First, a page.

Why Your Defense of No-Calls Makes the NBA Shitty
On Christmas Day, I sat down and watched basketball all day long. As someone who normally really only pays attention to the NBA during the playoffs, I was pleasantly surprised. See, I stopped watching the NBA because the games were unbearable. There's preferential treatment based on a player's status in the League, there's flopping, there's guys selling fouls when they weren't even touched, and there's the worst of all: the pump fake then lean into the outstretched arm of a defender to go to the line (AKA, the Dwayne Wade Special)
It's annoying as hell.
But for the most part, the Christmas Day games were pretty entertaining. That is, until the last minute of the Cleveland/Golden State game.
By now, you've likely seen the video and read the debate. In case you haven't, here's the play in question:
It's pretty apparent that LeBron got fouled more than once on this. Only the most ardent of LeBron haters will say that there weren't two fouls committed by Durant during that possession. In fact, the NBA's last two minute report confirms it, saying that KD "makes forearm contact to James (CLE) that affects his SQBR [speed, quickness, balance, rhythm] at the start of his drive to the basket." The report goes on to say that Durant then "makes contact to James' (CLE) arm and body that affects his driving shot attempt." So a foul should have been called...at least one of those. But there was nothing called. After a replay review, the refs gave the ball to the Warriors and they went on to get a 7 point win.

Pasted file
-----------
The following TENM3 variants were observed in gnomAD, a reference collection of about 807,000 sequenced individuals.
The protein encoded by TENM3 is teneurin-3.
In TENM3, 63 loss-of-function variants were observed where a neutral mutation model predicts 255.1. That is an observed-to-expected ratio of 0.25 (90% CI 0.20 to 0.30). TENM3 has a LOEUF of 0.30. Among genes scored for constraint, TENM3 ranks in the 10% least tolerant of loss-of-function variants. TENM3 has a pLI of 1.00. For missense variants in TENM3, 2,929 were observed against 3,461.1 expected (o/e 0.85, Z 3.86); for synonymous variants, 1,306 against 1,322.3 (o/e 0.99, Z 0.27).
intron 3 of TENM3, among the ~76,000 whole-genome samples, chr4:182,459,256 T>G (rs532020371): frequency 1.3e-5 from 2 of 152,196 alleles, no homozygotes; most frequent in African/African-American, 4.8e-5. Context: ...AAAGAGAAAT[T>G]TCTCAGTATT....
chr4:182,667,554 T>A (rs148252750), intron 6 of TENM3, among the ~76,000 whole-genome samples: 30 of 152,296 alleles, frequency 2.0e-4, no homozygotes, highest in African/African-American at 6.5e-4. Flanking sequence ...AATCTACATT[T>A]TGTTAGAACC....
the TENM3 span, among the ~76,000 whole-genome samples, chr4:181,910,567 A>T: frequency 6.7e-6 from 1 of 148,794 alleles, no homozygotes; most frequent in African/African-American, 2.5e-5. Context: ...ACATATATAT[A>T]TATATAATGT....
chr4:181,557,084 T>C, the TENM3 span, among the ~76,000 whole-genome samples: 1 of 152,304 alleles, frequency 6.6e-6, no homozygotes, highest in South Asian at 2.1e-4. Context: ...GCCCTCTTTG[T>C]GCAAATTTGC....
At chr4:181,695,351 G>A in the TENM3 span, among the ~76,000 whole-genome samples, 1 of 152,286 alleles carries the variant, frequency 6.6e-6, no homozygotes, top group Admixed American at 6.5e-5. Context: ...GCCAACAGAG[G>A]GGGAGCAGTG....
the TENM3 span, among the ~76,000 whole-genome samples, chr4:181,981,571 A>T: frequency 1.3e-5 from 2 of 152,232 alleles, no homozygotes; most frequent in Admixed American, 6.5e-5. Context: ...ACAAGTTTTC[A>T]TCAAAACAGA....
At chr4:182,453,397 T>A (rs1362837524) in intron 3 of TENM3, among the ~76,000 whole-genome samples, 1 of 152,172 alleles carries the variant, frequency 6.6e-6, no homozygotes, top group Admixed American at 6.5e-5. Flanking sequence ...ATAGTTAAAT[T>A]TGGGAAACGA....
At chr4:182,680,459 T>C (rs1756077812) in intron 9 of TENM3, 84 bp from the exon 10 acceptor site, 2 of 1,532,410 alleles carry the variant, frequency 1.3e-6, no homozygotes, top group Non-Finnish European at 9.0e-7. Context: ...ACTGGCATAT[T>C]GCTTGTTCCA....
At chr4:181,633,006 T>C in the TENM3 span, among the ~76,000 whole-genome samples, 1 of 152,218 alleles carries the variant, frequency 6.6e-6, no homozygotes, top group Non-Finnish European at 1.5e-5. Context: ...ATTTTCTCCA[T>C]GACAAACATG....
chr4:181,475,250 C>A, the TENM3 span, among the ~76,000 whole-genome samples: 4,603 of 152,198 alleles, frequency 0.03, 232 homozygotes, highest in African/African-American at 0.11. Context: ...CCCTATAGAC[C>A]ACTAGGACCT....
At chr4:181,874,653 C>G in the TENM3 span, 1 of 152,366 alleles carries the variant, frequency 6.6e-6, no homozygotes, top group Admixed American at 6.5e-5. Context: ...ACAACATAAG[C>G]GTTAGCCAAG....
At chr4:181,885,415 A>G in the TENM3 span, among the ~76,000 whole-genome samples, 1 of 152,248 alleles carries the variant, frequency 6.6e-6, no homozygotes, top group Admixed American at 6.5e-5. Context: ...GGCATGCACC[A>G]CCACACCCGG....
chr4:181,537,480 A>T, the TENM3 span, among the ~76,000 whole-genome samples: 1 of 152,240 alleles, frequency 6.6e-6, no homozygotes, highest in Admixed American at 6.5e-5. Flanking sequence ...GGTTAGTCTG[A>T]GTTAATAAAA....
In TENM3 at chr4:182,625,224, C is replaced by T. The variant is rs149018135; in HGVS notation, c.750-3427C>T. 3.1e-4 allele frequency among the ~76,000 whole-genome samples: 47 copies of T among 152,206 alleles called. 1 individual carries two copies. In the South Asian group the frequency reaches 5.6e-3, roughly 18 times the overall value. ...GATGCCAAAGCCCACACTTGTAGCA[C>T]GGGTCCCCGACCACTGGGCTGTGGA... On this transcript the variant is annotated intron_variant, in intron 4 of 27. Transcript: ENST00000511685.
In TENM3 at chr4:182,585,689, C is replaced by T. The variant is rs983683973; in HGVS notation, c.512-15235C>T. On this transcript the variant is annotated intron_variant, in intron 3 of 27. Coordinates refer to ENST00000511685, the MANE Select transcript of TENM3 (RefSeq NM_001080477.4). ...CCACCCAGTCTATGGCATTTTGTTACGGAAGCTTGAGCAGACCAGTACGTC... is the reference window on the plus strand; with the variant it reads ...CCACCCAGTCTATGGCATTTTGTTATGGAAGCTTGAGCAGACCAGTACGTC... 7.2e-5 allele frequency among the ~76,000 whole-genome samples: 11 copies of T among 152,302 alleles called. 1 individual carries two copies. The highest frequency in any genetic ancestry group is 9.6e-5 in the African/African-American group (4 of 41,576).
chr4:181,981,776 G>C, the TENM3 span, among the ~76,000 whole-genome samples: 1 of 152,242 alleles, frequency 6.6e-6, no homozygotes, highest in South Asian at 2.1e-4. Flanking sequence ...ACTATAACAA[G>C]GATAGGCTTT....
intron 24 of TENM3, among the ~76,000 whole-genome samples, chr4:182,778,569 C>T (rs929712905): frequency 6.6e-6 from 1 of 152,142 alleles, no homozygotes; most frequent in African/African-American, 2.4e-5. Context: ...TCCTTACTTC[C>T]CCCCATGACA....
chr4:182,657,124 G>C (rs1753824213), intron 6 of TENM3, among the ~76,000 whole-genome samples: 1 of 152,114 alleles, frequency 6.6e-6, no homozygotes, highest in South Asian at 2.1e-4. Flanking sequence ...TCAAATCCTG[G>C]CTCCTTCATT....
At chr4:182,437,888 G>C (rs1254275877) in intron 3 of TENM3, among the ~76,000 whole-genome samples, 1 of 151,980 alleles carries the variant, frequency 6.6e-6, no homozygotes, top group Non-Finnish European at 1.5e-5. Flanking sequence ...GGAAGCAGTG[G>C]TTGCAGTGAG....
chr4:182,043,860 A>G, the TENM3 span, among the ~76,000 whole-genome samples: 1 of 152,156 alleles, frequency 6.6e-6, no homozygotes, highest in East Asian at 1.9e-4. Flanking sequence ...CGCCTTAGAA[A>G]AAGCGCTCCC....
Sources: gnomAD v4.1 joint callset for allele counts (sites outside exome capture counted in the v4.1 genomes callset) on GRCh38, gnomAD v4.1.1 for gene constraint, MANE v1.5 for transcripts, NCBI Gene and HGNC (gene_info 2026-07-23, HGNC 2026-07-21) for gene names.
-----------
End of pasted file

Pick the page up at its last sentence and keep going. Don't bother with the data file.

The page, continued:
Whether or not you agree with the call is irrelevant to the point of this post. Most people on social media are saying that the refs were right to "let them play" and that "you can't call those in that situation."
See, this is why officiating in the NBA sucks. And that line of thinking is exactly why NBA fans have let it get like this.
By giving officials a pass for not making a correct call based on some randomly designated scenario, you're giving in to too much of a human element. Either it's a foul or it's not. The time in the game or the situation on the floor should have the same amount of impact on whether or not to call a foul as where the moon is in relationship to Sagittarius. It's all just bullshit.
There's already enough of a human element fucking up calls in sports. It's natural and unavoidable that some calls will get missed, or bad calls will get made because, in real time, some of this shit is hard to see perfectly. But to take that to another level and say, "you can't call a foul in that situation" means that you are OK with officials having even more leeway on turning a blind eye to calls that should be made.
And what fouls are you "not supposed to call" in a tight game down the stretch? Should refs swallow the whistle on every reach? Do they ignore every body bump? Should we allow offensive players to hook a defender as they back a guy down? How about throat punches? Are those cool if the game is tight? After all...YOU CAN'T CALL THAT IN THAT SITUATION!!
There's already a post about this particular play in the Craft Brewed Sports Facebook Group. So feel free to check it out and join the debate. But if you think I'm dead wrong on this, let me know there, in the comments below, or on the Drunk Line: 440.37.DRUNK. I'll be happy to show you why you're wrong.